Tonawanda News — It’s that motivation that leads Pat to agree to participate in what the trailer for the film would have viewers believe is the main purpose of the story: a dance competition. After meeting Tiffany, a friend’s sister who is equally as unhinged, he is convinced to help her win a dance competition in exchange for help in winning back Nikki.
My biggest complaint — and it’s not all that much of a complaint — is the book’s diction. It’s a first-person narrative that, aside from the content, could be written by a 12-year-old. The language is at times stilted, almost as if you’re reading a middle-schooler’s essay on how to win the love and affection of a woman, and the importance of believing in happy endings. Run-on sentences reign supreme.
The neural health facility is “the bad place,” and his separation from Nikki is “apart time.”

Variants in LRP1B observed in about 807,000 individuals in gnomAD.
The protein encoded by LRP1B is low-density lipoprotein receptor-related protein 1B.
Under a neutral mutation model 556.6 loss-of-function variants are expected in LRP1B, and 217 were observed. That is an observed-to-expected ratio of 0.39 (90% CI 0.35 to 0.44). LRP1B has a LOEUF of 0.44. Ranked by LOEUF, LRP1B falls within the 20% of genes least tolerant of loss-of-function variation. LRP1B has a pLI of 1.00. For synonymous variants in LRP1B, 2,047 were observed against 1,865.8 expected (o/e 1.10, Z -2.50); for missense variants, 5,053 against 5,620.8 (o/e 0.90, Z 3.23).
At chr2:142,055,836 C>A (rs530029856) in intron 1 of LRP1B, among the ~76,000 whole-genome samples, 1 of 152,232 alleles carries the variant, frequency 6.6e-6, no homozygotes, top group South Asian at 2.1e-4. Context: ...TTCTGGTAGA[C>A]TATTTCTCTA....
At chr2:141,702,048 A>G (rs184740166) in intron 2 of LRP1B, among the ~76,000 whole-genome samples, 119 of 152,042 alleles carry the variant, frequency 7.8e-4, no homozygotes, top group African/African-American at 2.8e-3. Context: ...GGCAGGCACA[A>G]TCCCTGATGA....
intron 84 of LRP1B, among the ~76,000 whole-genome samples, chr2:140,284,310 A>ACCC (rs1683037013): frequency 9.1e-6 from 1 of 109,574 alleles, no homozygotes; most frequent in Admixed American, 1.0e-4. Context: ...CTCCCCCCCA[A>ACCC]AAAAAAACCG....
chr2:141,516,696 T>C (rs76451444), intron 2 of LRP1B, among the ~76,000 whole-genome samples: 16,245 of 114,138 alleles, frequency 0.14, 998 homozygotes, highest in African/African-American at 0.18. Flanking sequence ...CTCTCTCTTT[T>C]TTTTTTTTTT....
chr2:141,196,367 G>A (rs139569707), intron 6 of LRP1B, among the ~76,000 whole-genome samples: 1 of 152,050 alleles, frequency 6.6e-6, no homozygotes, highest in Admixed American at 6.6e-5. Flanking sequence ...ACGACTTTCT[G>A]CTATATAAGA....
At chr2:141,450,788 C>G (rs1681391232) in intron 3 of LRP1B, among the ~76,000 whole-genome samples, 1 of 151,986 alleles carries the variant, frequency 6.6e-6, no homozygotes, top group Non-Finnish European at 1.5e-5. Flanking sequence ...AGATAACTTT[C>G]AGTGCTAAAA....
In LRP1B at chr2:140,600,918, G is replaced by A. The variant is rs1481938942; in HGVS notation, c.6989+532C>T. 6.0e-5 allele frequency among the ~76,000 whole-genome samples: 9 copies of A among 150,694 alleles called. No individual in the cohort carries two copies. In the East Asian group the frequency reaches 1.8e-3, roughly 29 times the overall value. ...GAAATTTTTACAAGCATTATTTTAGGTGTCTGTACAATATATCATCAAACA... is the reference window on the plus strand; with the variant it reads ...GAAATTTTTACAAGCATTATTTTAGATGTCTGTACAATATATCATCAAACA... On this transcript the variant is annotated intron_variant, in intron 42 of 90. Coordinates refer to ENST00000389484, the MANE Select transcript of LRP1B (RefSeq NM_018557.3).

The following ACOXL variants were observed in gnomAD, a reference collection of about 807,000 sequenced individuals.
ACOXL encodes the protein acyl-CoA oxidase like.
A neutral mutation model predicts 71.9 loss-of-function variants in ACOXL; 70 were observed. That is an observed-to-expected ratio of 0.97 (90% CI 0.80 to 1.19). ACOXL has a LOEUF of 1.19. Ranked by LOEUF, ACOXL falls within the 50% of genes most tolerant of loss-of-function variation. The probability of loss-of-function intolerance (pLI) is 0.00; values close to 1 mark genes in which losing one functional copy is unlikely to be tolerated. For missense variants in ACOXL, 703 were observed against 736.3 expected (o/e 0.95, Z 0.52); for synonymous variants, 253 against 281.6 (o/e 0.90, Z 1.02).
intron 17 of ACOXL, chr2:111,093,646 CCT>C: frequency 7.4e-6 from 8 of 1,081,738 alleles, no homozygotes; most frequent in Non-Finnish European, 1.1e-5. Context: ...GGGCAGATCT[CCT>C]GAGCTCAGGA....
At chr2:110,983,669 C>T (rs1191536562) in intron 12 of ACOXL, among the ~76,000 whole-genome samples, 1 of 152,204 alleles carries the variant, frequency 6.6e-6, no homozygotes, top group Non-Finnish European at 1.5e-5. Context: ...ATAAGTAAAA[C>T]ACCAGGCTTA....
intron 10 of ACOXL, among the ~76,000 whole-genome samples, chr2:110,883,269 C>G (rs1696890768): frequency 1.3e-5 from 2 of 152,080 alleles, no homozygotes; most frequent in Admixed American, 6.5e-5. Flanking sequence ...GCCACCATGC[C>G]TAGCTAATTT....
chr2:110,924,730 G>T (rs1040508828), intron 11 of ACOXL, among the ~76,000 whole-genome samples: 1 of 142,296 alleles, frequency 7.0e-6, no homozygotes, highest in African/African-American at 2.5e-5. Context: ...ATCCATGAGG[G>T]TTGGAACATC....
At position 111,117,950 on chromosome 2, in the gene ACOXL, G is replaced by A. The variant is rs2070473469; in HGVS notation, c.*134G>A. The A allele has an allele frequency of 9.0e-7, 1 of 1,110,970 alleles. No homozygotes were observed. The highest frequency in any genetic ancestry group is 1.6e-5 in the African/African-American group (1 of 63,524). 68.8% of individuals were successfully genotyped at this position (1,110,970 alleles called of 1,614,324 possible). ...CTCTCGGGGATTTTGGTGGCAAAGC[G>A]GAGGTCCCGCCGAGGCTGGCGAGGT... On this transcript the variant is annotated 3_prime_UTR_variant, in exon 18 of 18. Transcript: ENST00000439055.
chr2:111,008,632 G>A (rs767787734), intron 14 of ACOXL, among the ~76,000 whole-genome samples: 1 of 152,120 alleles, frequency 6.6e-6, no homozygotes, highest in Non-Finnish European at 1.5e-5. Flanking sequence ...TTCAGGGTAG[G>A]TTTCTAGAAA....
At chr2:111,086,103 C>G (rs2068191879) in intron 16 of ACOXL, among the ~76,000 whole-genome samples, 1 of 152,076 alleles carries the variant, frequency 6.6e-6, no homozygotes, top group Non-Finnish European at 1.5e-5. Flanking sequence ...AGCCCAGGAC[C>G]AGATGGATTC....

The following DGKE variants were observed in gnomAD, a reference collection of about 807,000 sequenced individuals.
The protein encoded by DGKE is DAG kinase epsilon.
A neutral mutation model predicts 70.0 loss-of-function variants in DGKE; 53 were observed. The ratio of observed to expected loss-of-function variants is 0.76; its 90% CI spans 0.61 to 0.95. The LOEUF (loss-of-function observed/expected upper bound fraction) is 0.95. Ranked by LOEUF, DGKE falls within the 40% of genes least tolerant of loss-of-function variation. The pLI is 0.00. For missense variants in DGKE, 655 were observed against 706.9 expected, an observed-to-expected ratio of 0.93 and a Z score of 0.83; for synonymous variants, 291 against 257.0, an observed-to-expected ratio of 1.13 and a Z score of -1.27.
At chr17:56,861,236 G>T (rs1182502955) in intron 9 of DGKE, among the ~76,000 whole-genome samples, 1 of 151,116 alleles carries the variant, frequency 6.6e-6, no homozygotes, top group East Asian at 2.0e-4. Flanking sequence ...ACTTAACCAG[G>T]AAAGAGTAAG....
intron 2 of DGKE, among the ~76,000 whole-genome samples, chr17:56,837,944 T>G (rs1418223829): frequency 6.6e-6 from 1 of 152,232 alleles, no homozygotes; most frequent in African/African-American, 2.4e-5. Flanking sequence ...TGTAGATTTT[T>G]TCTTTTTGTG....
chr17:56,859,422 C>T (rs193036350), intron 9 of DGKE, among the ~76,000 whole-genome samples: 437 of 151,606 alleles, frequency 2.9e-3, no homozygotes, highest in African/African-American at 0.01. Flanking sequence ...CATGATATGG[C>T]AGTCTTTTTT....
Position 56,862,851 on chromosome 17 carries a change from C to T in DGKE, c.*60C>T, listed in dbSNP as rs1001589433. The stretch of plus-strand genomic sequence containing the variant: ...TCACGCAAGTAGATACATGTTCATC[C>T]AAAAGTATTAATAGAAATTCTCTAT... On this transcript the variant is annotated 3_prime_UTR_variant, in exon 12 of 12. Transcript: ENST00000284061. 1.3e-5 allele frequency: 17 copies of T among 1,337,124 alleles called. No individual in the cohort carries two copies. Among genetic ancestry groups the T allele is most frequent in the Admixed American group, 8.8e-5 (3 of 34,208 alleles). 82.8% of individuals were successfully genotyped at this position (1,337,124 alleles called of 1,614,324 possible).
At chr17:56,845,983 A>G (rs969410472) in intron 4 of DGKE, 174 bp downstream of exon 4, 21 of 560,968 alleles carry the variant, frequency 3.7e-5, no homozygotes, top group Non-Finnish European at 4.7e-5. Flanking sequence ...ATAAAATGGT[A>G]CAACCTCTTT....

When he returns home, he believes his mother’s story of how a burglar stole all the framed photos in the house and she wasn’t able to replace the ones from his and Nikki’s wedding because she didn’t have the negatives.
“I ask why a burglar would want pictures of Nikki and me, and my mother says she puts all of her pictures in very expensive frames. ‘Why didn’t the burglar steal the rest of the family pictures?’ I ask. Mom says the burglar stole all the expensive frames, but she had the negatives for the family portraits and had them replaced.
“I tell my mother that if that burglar comes back, I’ll break his kneecaps and beat him within an inch of his life, and she says, ‘I believe you would.’ “
The language is at once annoying and charming. It serves its purpose, and for that, I appreciate it, but it’s a little like reading a book in which the characters’ accents are phonetically spelled out. A bit distracting.